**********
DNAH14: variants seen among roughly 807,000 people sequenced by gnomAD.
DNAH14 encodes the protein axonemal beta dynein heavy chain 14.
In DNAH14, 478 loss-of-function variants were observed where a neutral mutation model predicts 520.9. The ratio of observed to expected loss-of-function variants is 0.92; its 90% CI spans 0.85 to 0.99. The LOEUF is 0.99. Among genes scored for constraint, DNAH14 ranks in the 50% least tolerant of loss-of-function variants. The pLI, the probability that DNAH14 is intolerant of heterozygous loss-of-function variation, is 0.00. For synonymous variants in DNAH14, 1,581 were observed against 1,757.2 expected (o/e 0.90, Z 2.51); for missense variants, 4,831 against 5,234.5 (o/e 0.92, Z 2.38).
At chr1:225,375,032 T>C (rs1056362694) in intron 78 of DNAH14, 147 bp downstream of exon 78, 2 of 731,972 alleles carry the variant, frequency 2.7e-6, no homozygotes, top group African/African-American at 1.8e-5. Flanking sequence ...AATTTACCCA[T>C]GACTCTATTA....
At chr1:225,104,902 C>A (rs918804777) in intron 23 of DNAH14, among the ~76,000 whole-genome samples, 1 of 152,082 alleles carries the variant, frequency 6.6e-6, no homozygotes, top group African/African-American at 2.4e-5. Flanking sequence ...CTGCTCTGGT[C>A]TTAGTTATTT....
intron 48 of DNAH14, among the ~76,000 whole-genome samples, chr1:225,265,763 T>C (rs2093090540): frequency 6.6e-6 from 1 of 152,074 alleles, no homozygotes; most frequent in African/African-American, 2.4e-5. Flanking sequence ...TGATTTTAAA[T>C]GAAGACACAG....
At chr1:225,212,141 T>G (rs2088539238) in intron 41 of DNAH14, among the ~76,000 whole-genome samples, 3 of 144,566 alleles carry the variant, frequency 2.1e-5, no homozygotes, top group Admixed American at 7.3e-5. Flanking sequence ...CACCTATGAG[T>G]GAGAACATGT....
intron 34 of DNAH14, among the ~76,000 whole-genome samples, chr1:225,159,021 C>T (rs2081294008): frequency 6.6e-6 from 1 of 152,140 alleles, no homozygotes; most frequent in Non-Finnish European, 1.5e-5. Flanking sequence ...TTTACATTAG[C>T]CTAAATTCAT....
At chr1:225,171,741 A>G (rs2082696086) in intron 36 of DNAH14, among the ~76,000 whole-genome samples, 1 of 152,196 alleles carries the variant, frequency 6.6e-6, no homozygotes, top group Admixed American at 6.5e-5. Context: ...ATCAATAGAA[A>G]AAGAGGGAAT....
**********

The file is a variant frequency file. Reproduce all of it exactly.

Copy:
DNAH14: variants seen among roughly 807,000 people sequenced by gnomAD.
DNAH14 encodes the protein axonemal beta dynein heavy chain 14.
In DNAH14, 478 loss-of-function variants were observed where a neutral mutation model predicts 520.9. The ratio of observed to expected loss-of-function variants is 0.92; its 90% CI spans 0.85 to 0.99. The LOEUF is 0.99. Among genes scored for constraint, DNAH14 ranks in the 50% least tolerant of loss-of-function variants. The pLI, the probability that DNAH14 is intolerant of heterozygous loss-of-function variation, is 0.00. For synonymous variants in DNAH14, 1,581 were observed against 1,757.2 expected (o/e 0.90, Z 2.51); for missense variants, 4,831 against 5,234.5 (o/e 0.92, Z 2.38).
At chr1:225,375,032 T>C (rs1056362694) in intron 78 of DNAH14, 147 bp downstream of exon 78, 2 of 731,972 alleles carry the variant, frequency 2.7e-6, no homozygotes, top group African/African-American at 1.8e-5. Flanking sequence ...AATTTACCCA[T>C]GACTCTATTA....
At chr1:225,104,902 C>A (rs918804777) in intron 23 of DNAH14, among the ~76,000 whole-genome samples, 1 of 152,082 alleles carries the variant, frequency 6.6e-6, no homozygotes, top group African/African-American at 2.4e-5. Flanking sequence ...CTGCTCTGGT[C>A]TTAGTTATTT....
intron 48 of DNAH14, among the ~76,000 whole-genome samples, chr1:225,265,763 T>C (rs2093090540): frequency 6.6e-6 from 1 of 152,074 alleles, no homozygotes; most frequent in African/African-American, 2.4e-5. Flanking sequence ...TGATTTTAAA[T>C]GAAGACACAG....
At chr1:225,212,141 T>G (rs2088539238) in intron 41 of DNAH14, among the ~76,000 whole-genome samples, 3 of 144,566 alleles carry the variant, frequency 2.1e-5, no homozygotes, top group Admixed American at 7.3e-5. Flanking sequence ...CACCTATGAG[T>G]GAGAACATGT....
intron 34 of DNAH14, among the ~76,000 whole-genome samples, chr1:225,159,021 C>T (rs2081294008): frequency 6.6e-6 from 1 of 152,140 alleles, no homozygotes; most frequent in Non-Finnish European, 1.5e-5. Flanking sequence ...TTTACATTAG[C>T]CTAAATTCAT....
At chr1:225,171,741 A>G (rs2082696086) in intron 36 of DNAH14, among the ~76,000 whole-genome samples, 1 of 152,196 alleles carries the variant, frequency 6.6e-6, no homozygotes, top group Admixed American at 6.5e-5. Context: ...ATCAATAGAA[A>G]AAGAGGGAAT....